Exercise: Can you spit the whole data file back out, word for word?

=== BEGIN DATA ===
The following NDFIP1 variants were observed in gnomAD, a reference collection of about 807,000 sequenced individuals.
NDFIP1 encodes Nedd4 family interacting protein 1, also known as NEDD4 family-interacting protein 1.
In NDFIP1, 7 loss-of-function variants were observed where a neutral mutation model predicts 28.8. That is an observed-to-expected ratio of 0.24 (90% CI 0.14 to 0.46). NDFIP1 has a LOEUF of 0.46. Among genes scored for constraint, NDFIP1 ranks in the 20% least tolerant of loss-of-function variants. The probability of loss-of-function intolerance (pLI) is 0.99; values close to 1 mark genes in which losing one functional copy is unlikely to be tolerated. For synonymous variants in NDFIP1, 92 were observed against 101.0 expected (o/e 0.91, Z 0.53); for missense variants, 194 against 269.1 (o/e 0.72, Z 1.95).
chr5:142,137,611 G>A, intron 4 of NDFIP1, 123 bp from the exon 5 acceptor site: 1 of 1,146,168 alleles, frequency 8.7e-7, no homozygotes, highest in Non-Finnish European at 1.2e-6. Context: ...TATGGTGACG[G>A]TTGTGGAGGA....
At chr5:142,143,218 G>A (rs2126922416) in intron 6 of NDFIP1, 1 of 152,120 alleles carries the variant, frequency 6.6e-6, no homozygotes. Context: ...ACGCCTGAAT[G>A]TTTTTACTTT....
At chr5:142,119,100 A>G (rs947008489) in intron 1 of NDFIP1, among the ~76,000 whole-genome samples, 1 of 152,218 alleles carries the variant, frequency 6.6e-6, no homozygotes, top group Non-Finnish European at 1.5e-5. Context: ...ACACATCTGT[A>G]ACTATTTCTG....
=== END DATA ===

The following NDFIP1 variants were observed in gnomAD, a reference collection of about 807,000 sequenced individuals.
NDFIP1 encodes Nedd4 family interacting protein 1, also known as NEDD4 family-interacting protein 1.
In NDFIP1, 7 loss-of-function variants were observed where a neutral mutation model predicts 28.8. That is an observed-to-expected ratio of 0.24 (90% CI 0.14 to 0.46). NDFIP1 has a LOEUF of 0.46. Among genes scored for constraint, NDFIP1 ranks in the 20% least tolerant of loss-of-function variants. The probability of loss-of-function intolerance (pLI) is 0.99; values close to 1 mark genes in which losing one functional copy is unlikely to be tolerated. For synonymous variants in NDFIP1, 92 were observed against 101.0 expected (o/e 0.91, Z 0.53); for missense variants, 194 against 269.1 (o/e 0.72, Z 1.95).
chr5:142,137,611 G>A, intron 4 of NDFIP1, 123 bp from the exon 5 acceptor site: 1 of 1,146,168 alleles, frequency 8.7e-7, no homozygotes, highest in Non-Finnish European at 1.2e-6. Context: ...TATGGTGACG[G>A]TTGTGGAGGA....
At chr5:142,143,218 G>A (rs2126922416) in intron 6 of NDFIP1, 1 of 152,120 alleles carries the variant, frequency 6.6e-6, no homozygotes. Context: ...ACGCCTGAAT[G>A]TTTTTACTTT....
At chr5:142,119,100 A>G (rs947008489) in intron 1 of NDFIP1, among the ~76,000 whole-genome samples, 1 of 152,218 alleles carries the variant, frequency 6.6e-6, no homozygotes, top group Non-Finnish European at 1.5e-5. Context: ...ACACATCTGT[A>G]ACTATTTCTG....